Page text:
I bloody love audiobooks. This is definitely not a game-related post, as I cannot develop games while listening. What I can do, however, is cook, or wash up, or walk about London, or sit around waiting to meet my invariably late friends. Audiobooks are superb for making dull things interesting; when I have a good novel on the go, I actively seek opportunities to listen to it, until every chore in the house is finished. Since I began, almost 2 years ago, I have mauled them, going through about 1 per week on average. This, for the record, is twice as fast as Audible will sell them to me. Oh well, their loss.
5. The Girl with the Dragon Tattoo – Steig Larsson
This series is a great example of the advantages of audiobooks. For one, the actors were drilled into correctly pronouncing the Swedish names, meaning you can talk about the book to Scandinavian friends and sound like you know your stuff. On top of that, the book begins very slowly – but in audio format, you just get through it and into the action the series is famous for. I don’t know if I would have read past the first 50 pages myself; luckily, Saul Reichlin read it for me!
4. Lolita – Vladimir Nabakov
Read by Jeremy Irons, who perfectly captures the forceful, unsettling air of Humbert Humbert. A criticism I have heard of audiobooks is that you do not get to imagine your own voices, and there is perhaps validity to that. However, Jeremy Irons can’t do a young girl’s voice for toffee, and I found that I was able to overwrite his manly depth with my own interpretation of what a 12 year old might sound like. The book itself is highly potent, and difficult to stop thinking about.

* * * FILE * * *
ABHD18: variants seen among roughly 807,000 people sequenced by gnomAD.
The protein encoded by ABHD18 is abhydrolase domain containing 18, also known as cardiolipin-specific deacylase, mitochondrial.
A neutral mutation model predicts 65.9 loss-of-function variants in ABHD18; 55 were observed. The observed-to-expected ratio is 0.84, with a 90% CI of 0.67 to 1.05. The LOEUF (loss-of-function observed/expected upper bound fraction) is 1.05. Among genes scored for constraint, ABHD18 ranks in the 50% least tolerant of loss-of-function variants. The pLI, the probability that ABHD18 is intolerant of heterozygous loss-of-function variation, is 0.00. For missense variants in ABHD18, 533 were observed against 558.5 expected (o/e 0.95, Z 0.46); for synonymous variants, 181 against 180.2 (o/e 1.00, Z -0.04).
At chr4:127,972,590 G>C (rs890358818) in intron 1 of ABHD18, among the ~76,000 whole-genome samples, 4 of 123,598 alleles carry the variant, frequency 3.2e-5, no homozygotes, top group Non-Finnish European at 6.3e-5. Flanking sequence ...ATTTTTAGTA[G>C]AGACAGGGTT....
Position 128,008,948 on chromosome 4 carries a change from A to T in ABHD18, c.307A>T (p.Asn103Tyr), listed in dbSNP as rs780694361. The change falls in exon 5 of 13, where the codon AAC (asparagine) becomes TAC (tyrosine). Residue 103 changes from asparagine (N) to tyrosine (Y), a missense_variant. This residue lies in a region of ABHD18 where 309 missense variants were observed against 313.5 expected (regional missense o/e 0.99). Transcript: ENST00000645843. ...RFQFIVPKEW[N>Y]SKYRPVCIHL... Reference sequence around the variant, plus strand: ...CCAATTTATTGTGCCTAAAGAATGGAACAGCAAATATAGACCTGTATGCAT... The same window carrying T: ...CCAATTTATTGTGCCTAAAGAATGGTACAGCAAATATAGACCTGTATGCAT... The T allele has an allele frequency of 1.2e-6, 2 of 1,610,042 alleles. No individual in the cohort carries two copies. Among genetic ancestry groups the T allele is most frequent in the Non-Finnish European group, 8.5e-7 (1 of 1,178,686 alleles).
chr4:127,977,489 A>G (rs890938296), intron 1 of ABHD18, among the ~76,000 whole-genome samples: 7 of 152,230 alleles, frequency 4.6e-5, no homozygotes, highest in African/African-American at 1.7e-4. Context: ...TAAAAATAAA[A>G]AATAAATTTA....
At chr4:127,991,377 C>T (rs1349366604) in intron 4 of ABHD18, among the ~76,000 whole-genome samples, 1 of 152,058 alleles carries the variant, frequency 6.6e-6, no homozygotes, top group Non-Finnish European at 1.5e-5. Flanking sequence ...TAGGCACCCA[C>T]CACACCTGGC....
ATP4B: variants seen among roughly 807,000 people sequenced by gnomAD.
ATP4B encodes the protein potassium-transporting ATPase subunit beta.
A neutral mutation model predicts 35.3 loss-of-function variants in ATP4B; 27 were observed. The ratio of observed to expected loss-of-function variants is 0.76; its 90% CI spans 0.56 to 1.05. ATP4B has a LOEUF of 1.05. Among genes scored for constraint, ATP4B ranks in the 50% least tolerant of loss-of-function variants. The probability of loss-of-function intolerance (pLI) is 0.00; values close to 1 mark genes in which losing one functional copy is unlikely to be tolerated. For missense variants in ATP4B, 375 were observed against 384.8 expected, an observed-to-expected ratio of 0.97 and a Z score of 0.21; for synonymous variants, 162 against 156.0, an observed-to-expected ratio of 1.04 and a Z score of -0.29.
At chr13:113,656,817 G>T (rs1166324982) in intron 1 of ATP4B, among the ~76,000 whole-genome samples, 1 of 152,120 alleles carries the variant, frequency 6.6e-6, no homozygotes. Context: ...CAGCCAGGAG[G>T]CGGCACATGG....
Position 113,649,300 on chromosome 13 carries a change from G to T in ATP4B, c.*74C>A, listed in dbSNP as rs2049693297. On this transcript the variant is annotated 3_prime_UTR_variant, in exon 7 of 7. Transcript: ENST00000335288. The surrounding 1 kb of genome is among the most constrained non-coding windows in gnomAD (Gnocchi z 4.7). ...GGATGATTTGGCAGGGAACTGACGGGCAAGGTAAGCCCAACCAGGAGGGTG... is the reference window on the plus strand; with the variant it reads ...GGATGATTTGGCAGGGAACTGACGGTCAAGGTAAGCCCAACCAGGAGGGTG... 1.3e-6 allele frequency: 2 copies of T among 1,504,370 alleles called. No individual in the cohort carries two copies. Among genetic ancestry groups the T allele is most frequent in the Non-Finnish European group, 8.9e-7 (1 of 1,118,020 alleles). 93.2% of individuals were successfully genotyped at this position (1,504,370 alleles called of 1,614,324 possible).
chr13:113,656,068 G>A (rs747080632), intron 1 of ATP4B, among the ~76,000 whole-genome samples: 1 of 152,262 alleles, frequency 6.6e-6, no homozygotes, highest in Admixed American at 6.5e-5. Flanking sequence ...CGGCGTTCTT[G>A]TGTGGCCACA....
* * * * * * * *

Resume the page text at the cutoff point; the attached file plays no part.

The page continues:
3. Life And Laughing – Michael McIntyre
Who knew Michael was so interesting? Hearing him deliver his own jokes is a pleasure, and on top of that, some things hear don’t appear in the print copy. We hear him fumble words, and ad-lib through his mistakes, or joke about how he has to read it to us. That sort of thing can’t be matched in paperback.
2. Harry Potter – J. K. Rowling (as read by Jim Dale)
My favourite thing about audiobooks is how they are tied to real world memories. I can remember where I was during particular plot moments, and it helps me look back to where I was 18 months ago. (I was vacuum-fighting, fyi.) I have a famously bad long-term memory, so this is a genuine pleasure of the format, and it is strongest in a series so often referenced. As an aside, I listened to Jim Dale, who speaks around 2 hours faster than Stephen Fry on the longer books. However, if you are a Stephen fan, that is fine too, they are both brilliant.
1. John Dies At The End – David Wong
I didn’t realise when I started, but listening to this book was like gambling; every now and then, a coy sentence would slip in that would make me burst into hysterics. If I were walking around in the real world (IRL), all of a sudden strangers would see me start laughing, and back away slowly.
I found out later, David Wong is a senior editor at Cracked.com. That explains why he’s so damn good at this.
Fahrenheit 451 – Ray Bradbury
Life of Pi – Yann Martel
The Hunger Games – Suzanne Colins
At Home – Bill Bryson
Atlas Shrugged – Ayn Rand. I listened to 27 hours of this philosophical masturbation before encountering the valley where entrepreneurs have a perfect society in which philanthropy somehow fills the void left by not paying taxes. I couldn’t stomach the thought of 24 more hours of that.
TL;DR: Don’t worry, from next week I will have a lot more game-related posts! Exciting times are abound in my programming life.